Ketnie Aristide takes public health’s message to Botswana
Ms. Ketnie Aristide recently received the biggest assignment of her life—in August she reports to Botswana for a two-year placement with the Peace Corps.
As a member of the Clinic and Health Team, Aristide works directly with the HIV/AIDS Capacity Building Project. According to her official assignment notification, she’ll work in partnership with local health professionals to “address needs in community health and HIV/AIDS, especially through clinic health education outreach, district-level research, data analysis, and coordination.”
“I look forward to my hands-on experience abroad, applying what I learned here [College of Public Health], interacting with different people, and learning new cultures,” said Aristide.
A native of Haiti, Aristide’s family immigrated to the United States in 2004. The family of four settled in Ft. Pierce, Florida—a locale that is vastly different from her homeland.
If she could relive her adolescence over again, she’d definitely pump the breaks. “I sometimes wish that I didn’t graduate high school with my associate’s degree so that I could spend all four years at USF,” said Aristide. “I wanted to be more involved on campus, but still managed to enjoy my time here at USF. It’s a great school!”
Evidently, Aristide’s definition of ‘more’ is all encompassing. As an undergraduate in public health, she served as social co-chair for Club Creole; performed with dance teams at USF and her church; and, holds membership in USF’s African Student Association and the National Council for Negro Women.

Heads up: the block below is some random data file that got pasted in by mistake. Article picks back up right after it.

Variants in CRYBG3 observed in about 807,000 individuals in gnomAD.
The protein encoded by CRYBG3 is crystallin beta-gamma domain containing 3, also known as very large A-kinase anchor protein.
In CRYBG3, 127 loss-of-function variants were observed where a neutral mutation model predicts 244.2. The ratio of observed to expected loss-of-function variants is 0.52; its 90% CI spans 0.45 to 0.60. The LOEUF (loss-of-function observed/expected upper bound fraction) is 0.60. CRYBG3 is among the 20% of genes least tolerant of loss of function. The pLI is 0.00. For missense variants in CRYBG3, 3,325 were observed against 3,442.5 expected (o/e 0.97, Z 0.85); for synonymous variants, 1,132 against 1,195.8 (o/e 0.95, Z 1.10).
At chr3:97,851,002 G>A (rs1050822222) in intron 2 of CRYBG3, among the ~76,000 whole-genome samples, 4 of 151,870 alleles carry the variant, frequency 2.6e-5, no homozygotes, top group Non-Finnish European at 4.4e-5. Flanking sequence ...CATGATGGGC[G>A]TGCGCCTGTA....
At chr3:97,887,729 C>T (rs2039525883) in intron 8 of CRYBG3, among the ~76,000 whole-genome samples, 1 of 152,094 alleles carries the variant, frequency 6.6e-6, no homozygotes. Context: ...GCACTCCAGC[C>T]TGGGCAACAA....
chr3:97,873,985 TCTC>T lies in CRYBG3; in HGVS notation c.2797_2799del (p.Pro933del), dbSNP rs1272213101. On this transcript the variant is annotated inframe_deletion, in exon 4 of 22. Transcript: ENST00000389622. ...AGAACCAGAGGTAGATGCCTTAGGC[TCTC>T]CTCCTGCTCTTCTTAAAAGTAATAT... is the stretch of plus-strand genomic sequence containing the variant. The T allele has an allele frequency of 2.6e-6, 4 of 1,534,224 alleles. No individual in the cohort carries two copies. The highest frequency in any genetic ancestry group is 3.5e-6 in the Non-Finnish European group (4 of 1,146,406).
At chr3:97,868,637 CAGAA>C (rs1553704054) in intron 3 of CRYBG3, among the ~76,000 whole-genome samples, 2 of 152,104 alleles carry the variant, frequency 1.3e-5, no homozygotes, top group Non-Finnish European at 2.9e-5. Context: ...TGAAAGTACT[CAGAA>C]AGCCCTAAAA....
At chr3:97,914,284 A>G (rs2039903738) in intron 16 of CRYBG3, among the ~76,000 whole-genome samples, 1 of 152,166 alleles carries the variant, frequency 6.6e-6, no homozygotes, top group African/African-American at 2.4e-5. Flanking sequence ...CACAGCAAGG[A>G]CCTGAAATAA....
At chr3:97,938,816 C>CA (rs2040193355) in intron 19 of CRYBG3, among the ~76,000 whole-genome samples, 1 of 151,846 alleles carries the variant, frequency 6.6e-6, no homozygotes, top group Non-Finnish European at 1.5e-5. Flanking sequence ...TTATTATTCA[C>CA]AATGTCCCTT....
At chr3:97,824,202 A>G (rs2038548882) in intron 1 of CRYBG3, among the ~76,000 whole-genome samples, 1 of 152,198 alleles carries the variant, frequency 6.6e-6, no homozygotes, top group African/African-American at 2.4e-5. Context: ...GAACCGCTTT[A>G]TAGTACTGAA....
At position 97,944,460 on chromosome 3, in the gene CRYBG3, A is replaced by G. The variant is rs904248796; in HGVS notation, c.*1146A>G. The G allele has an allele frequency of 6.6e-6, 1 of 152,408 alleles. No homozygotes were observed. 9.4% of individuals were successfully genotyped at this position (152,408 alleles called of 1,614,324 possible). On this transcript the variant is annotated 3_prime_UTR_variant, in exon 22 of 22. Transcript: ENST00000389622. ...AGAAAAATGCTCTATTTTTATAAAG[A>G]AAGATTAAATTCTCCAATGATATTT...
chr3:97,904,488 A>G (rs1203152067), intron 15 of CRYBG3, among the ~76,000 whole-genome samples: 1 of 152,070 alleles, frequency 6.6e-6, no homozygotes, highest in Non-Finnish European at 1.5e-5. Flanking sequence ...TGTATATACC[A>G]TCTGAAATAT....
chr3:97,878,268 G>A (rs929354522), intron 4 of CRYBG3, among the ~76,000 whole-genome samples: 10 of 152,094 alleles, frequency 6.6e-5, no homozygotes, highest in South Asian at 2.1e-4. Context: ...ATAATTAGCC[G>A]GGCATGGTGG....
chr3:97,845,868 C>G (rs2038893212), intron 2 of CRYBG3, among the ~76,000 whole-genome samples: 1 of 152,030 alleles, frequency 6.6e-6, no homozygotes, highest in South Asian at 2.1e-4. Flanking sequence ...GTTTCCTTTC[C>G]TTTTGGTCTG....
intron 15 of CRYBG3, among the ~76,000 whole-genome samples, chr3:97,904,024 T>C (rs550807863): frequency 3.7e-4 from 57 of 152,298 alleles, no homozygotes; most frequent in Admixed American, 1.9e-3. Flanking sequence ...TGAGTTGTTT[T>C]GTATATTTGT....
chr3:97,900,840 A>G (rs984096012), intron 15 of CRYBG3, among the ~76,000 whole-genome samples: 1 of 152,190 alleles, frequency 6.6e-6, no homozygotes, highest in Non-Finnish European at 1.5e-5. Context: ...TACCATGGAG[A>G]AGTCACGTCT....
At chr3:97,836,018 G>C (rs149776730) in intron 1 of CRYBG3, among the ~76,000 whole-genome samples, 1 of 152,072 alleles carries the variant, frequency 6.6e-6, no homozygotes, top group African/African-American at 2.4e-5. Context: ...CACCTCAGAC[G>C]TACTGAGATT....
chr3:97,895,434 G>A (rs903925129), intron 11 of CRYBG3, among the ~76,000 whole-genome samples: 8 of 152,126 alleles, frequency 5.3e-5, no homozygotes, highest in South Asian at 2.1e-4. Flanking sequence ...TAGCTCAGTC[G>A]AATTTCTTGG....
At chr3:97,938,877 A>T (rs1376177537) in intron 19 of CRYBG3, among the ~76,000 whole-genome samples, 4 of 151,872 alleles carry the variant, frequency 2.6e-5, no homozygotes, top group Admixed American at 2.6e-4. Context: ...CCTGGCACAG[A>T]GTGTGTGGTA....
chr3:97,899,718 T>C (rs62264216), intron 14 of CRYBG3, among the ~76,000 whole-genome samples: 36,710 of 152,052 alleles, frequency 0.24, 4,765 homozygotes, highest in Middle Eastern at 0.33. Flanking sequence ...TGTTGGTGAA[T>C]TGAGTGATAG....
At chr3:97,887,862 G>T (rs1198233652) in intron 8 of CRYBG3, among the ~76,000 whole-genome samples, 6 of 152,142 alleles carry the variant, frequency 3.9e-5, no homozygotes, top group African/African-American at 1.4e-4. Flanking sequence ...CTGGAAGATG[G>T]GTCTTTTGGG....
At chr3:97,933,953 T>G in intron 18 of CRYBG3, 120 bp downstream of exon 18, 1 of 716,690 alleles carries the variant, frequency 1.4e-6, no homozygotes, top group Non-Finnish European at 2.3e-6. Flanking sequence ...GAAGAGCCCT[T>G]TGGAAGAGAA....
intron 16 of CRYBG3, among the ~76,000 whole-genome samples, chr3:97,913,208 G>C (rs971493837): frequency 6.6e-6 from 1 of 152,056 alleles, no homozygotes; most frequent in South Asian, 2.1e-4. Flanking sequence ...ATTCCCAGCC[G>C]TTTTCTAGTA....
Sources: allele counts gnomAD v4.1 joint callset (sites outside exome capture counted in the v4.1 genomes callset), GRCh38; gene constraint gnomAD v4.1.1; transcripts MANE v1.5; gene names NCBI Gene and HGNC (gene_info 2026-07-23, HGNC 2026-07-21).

How much ‘more’ could she squeeze into three years? How about running for Miss Haiti in 2012!
It was Aristides’s first time in pageantry and she placed second. Her talent featured a skit and cultural dance to empower women. “I wanted to dispel negative stereotypes and remind women that we have a say in matters beyond our household.”
“We can be involved in politics. We can get an education.”
At the conclusion of her first semester at USF, the biomedical science major realized, “This is not for me!” The program included math and science courses which greatly interested her, but lacked the human element.
“I love the fact that public health is such a broad field and there are countless opportunities—one can explore the global, administrative, or even data side of health.”
Aristide’s dream job is working with an NGO as a liaison between Haiti and the United States. Until then, she’ll focus her efforts on The Corps and contributing to HIV/AIDS education and research in Botswana.
“My mom is supportive, but my grandparents don’t understand the concept of going abroad and not getting paid.”
Ms. Aristide sees the benefit and is going anyway.
When asked what she’ll miss the most, Aristide shares, “Family, friends, Wi-Fi, and access to electricity 24/7.” Then in her next breath, she recalls her transition to the United States.
“I easily adapt to other cultures. When I first arrived here [US], I didn’t like American food, but that changed and now I like it and cook it. Plus, we didn’t have electricity in Haiti and I survived.”
Aristides’s one wish in life is guaranteed success. “I have a huge fear of failure and that is why I strive to do everything in my power to succeed in everything that I do.”